The Honghu dataset includes a hyperspectral image of 400 × 400 pixels with 274 bands and a spatial resolution of 0.4 m. The image contains the 18 land-cover classes of red roof, bare soil, rape, cotton, Chinese cabbage, pakchoi, cabbage, tuber mustard, Brassica parachinensis, Brassica chinensis, small Brassica chinensis, Lactuca sativa, celtuce, film-covered lettuce, romaine lettuce, carrot, white radish, and sprouting garlic. The true-color image is shown in Figure 7a and the corresponding ground-truth map is shown in Figure 7b.

3.3. Experimental Description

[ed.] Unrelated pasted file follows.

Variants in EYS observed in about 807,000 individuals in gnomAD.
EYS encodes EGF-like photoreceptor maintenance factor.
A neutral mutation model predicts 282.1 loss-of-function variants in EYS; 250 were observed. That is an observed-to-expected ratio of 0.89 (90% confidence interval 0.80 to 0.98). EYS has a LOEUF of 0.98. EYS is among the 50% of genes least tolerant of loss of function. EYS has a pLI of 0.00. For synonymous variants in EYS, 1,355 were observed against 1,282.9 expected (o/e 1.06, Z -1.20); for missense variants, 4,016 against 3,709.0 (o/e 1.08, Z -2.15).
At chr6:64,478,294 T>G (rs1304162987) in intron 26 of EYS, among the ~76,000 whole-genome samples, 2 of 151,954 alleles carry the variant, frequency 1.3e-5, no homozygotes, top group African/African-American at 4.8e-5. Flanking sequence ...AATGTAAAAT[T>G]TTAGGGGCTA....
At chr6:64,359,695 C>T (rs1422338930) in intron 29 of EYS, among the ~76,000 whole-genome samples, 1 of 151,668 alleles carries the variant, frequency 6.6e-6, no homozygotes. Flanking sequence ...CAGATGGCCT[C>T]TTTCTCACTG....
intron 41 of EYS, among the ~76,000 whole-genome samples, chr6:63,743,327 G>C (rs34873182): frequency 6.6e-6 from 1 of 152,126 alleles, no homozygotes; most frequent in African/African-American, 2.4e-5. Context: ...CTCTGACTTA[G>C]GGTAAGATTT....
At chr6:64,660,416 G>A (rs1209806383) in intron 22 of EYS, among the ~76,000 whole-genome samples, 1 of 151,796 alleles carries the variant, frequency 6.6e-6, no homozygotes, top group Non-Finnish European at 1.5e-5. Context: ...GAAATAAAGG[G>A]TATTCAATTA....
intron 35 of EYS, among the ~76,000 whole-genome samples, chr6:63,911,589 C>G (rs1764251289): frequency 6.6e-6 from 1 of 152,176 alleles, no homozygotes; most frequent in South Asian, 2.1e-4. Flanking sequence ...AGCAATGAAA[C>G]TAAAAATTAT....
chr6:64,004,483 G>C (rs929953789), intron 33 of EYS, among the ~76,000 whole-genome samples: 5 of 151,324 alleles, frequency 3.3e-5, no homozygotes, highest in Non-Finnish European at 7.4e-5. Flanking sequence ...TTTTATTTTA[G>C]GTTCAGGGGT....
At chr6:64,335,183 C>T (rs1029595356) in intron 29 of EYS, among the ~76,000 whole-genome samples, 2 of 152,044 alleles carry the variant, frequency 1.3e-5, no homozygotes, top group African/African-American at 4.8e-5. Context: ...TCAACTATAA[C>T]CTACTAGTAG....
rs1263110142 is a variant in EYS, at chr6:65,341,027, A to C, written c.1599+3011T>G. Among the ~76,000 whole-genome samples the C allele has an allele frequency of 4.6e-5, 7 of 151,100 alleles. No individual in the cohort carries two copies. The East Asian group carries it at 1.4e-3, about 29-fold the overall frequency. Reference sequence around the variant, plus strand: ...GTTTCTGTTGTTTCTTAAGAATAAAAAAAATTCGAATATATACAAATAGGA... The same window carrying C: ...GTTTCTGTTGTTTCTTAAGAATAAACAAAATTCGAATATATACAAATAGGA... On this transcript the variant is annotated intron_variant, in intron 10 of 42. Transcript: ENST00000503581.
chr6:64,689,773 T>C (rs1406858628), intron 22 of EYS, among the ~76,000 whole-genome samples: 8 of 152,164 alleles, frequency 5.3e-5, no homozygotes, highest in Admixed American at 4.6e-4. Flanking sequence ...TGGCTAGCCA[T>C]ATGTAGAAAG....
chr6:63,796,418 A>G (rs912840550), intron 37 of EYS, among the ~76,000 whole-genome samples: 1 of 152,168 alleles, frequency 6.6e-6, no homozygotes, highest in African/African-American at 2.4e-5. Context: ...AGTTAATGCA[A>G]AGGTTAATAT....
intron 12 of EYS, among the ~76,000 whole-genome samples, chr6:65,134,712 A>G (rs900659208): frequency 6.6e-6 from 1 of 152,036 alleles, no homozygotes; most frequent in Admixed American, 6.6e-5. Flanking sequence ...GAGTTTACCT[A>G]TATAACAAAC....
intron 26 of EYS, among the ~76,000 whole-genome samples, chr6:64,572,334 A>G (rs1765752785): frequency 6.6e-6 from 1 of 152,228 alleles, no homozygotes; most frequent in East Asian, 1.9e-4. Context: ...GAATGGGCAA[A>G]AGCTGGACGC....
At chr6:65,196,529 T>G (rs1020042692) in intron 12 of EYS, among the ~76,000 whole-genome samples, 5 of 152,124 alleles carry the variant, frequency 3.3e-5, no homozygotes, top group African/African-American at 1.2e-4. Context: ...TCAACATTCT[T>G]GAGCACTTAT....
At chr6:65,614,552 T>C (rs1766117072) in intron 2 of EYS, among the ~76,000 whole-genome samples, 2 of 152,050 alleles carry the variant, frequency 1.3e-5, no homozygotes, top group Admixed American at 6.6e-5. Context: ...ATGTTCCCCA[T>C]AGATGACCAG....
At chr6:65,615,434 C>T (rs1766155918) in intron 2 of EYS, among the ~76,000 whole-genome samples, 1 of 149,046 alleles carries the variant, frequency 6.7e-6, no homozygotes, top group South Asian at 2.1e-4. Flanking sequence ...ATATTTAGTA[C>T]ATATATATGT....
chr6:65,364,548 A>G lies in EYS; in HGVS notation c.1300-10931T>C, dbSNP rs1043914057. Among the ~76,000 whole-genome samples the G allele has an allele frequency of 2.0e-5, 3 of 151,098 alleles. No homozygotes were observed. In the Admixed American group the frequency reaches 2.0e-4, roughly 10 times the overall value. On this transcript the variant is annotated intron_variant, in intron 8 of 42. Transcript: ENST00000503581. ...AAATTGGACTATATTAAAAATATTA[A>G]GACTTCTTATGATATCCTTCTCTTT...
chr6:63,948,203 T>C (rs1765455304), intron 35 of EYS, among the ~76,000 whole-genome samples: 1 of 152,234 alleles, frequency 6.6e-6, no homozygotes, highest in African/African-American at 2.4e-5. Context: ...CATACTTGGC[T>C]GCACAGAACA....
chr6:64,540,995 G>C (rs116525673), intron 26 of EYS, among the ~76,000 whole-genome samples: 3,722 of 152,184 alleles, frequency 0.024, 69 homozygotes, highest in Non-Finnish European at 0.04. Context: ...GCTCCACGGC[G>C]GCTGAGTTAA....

The high spatial resolution hyperspectral datasets of the cities of Hanchuan and Honghu in China were used to verify the proposed SSF-CRF method. The comparison algorithms were the traditional pixel-based SVM classification algorithm with a radial basis function as the kernel type, the object-oriented classification approach of mean shift segmentation (MS) [30], and a number of random field-based classification methods. The random field-based methods were the Markovian support vector classifier (MSVC) [31], the support vector conditional random field classifier with a Mahalanobis distance boundary constraint (SVRFMC) [37], and the detail-preserving smoothing classifier based on conditional random fields (DPSCRF) [54]. The MSVC algorithm integrates SVM with the MRF model, and obtains the final classification result through the ICM algorithm, using the Gaussian radial basis function and the Potts model as the kernel function and the local prior energy function, respectively. SVRFMC is a CRF-based classification algorithm based on Markov boundary constraints, where the spatial term is constrained by the Markov distance boundary to maintain the spatial details of the classification results. DPSCRF considers the interaction of segmentation and classification in the CRF model, and adds large-scale spatial contextual information by segmentation.